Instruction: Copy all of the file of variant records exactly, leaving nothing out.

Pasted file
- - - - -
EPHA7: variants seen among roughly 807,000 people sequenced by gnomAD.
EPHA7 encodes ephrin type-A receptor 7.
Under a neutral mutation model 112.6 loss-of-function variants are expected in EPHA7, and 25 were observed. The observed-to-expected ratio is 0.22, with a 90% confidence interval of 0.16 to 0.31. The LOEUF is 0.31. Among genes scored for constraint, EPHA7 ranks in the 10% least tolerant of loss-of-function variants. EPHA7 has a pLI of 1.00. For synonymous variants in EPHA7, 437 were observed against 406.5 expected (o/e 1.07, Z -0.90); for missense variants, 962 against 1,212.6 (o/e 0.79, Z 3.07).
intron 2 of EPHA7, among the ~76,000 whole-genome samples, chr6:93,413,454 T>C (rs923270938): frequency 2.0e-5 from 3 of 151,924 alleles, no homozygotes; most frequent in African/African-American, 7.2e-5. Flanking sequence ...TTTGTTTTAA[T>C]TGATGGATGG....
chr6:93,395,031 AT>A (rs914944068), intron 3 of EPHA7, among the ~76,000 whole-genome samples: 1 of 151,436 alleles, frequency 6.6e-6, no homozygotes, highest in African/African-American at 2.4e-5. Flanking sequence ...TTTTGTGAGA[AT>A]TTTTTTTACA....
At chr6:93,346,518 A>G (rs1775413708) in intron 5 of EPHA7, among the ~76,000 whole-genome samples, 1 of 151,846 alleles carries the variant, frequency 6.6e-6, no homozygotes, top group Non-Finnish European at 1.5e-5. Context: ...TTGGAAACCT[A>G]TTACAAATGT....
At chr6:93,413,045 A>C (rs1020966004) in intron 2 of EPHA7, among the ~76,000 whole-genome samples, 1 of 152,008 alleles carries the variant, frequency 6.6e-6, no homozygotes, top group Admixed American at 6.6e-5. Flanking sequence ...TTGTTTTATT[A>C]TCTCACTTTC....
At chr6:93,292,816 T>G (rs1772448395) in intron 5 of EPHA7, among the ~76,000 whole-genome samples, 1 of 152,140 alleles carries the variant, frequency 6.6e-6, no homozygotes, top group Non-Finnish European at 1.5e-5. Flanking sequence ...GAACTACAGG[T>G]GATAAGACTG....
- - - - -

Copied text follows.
EPHA7: variants seen among roughly 807,000 people sequenced by gnomAD.
EPHA7 encodes ephrin type-A receptor 7.
Under a neutral mutation model 112.6 loss-of-function variants are expected in EPHA7, and 25 were observed. The observed-to-expected ratio is 0.22, with a 90% confidence interval of 0.16 to 0.31. The LOEUF is 0.31. Among genes scored for constraint, EPHA7 ranks in the 10% least tolerant of loss-of-function variants. EPHA7 has a pLI of 1.00. For synonymous variants in EPHA7, 437 were observed against 406.5 expected (o/e 1.07, Z -0.90); for missense variants, 962 against 1,212.6 (o/e 0.79, Z 3.07).
intron 2 of EPHA7, among the ~76,000 whole-genome samples, chr6:93,413,454 T>C (rs923270938): frequency 2.0e-5 from 3 of 151,924 alleles, no homozygotes; most frequent in African/African-American, 7.2e-5. Flanking sequence ...TTTGTTTTAA[T>C]TGATGGATGG....
chr6:93,395,031 AT>A (rs914944068), intron 3 of EPHA7, among the ~76,000 whole-genome samples: 1 of 151,436 alleles, frequency 6.6e-6, no homozygotes, highest in African/African-American at 2.4e-5. Flanking sequence ...TTTTGTGAGA[AT>A]TTTTTTTACA....
At chr6:93,346,518 A>G (rs1775413708) in intron 5 of EPHA7, among the ~76,000 whole-genome samples, 1 of 151,846 alleles carries the variant, frequency 6.6e-6, no homozygotes, top group Non-Finnish European at 1.5e-5. Context: ...TTGGAAACCT[A>G]TTACAAATGT....
At chr6:93,413,045 A>C (rs1020966004) in intron 2 of EPHA7, among the ~76,000 whole-genome samples, 1 of 152,008 alleles carries the variant, frequency 6.6e-6, no homozygotes, top group Admixed American at 6.6e-5. Flanking sequence ...TTGTTTTATT[A>C]TCTCACTTTC....
At chr6:93,292,816 T>G (rs1772448395) in intron 5 of EPHA7, among the ~76,000 whole-genome samples, 1 of 152,140 alleles carries the variant, frequency 6.6e-6, no homozygotes, top group Non-Finnish European at 1.5e-5. Flanking sequence ...GAACTACAGG[T>G]GATAAGACTG....